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Tuesday tram run is first of a series of daytime tests as system prepares for its March start-up

The tram passes Santo Domingo Plaza during Tuesday test. (El Telegrafo)

As a five-car unit of Cuenca’s Tranvía de los 4 Rios de Cuenca rolled through the historic district Tuesday, hundreds of bystanders gathered along the train tracks to watch and snap photos. The tram, which traveled from the train yard on Av. Mexico to the industrial park in the northeast, made several runs back and forth along the 20.4 kilometer route.

According to city tram director Jaime Guzmán the test was successful and marks the beginning of more daytime runs. Until Tuesday, most tests were conducted after 10 p.m. at night to avoid vehicular and pedestrian traffic.

The tram stops at the Feria Libre station on Av. Las Americas on Tuesday.

“Over the next three months, it’s important that the public see and interact with the train as part of our information campaign to acquaint people with the rules,” he said. “The first thing they must remember is that the tram will always have priority along the route. Cars and pedestrians must pay attention to the traffic signals and yield right of way.”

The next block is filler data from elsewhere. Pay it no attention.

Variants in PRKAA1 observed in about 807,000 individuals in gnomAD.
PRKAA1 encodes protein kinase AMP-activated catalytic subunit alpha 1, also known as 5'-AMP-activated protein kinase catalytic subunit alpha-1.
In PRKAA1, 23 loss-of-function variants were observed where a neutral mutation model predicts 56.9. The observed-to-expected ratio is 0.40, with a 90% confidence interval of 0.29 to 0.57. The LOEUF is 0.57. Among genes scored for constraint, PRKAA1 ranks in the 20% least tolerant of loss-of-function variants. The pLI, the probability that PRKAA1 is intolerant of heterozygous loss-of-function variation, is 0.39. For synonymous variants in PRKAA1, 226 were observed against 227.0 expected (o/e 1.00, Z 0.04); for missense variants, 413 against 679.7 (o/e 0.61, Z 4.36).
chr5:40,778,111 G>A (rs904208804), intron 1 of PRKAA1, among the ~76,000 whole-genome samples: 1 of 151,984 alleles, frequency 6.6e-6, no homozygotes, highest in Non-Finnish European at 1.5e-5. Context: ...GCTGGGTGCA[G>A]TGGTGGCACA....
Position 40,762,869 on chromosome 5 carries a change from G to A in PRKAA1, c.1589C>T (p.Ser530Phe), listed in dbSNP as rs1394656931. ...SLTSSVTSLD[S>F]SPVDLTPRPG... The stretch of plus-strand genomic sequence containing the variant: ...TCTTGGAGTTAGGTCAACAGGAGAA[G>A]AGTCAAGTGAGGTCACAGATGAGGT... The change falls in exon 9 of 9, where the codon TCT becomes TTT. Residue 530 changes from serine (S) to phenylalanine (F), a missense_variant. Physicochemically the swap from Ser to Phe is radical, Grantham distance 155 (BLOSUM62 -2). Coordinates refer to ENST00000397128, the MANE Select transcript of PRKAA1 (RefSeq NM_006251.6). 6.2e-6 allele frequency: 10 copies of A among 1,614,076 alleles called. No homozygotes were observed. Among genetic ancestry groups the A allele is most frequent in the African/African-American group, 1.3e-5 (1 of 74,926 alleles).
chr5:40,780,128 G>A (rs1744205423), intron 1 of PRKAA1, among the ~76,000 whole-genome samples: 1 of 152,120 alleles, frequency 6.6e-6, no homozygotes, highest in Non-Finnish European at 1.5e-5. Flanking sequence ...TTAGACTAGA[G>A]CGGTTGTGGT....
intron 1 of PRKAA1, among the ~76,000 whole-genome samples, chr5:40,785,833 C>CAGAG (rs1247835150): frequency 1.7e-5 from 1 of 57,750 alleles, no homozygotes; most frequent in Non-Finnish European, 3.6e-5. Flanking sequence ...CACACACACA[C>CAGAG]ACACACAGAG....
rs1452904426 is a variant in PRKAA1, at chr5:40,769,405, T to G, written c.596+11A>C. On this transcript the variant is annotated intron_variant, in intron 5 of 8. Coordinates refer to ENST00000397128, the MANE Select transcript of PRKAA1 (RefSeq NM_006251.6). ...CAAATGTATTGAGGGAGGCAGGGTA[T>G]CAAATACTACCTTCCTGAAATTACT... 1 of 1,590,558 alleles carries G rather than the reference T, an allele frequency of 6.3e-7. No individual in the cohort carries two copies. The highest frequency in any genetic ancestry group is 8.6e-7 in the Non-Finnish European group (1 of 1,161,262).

During Tuesday’s tests, police and citizen guards preceded the train to clear the route of cars parked close to the tracks and to warn pedestrians to stand clear. “There were more people and cars crossing the tracks in front of the train than we could like but considering that the official information campaign has not begun, we were pleased generally with the public response,” Guzmán said. “In January and February we will begin issuing citations to vehicles and pedestrians for violations of the rules.”

He added that Cuenca is following the same start-up protocol used in other cities that introduce tram systems. “There is a well-established system for introducing trams throughout the world and they have proven effective,” Guzmán said.

During Tuesday’s tests along the Av. Las America’s route and through the historic district, trains traveled at speeds as high as 55 kph (34 mph) and performed a number of start-and-stop maneuvers. Checks were also made of the electronic sensors along the track that will space train units on the the route.

“Overall, we are very pleased with today’s test,” Guzmán said. “Most important is the fact that people saw the tram in action. They understand now that the tracks are not gathering rust.”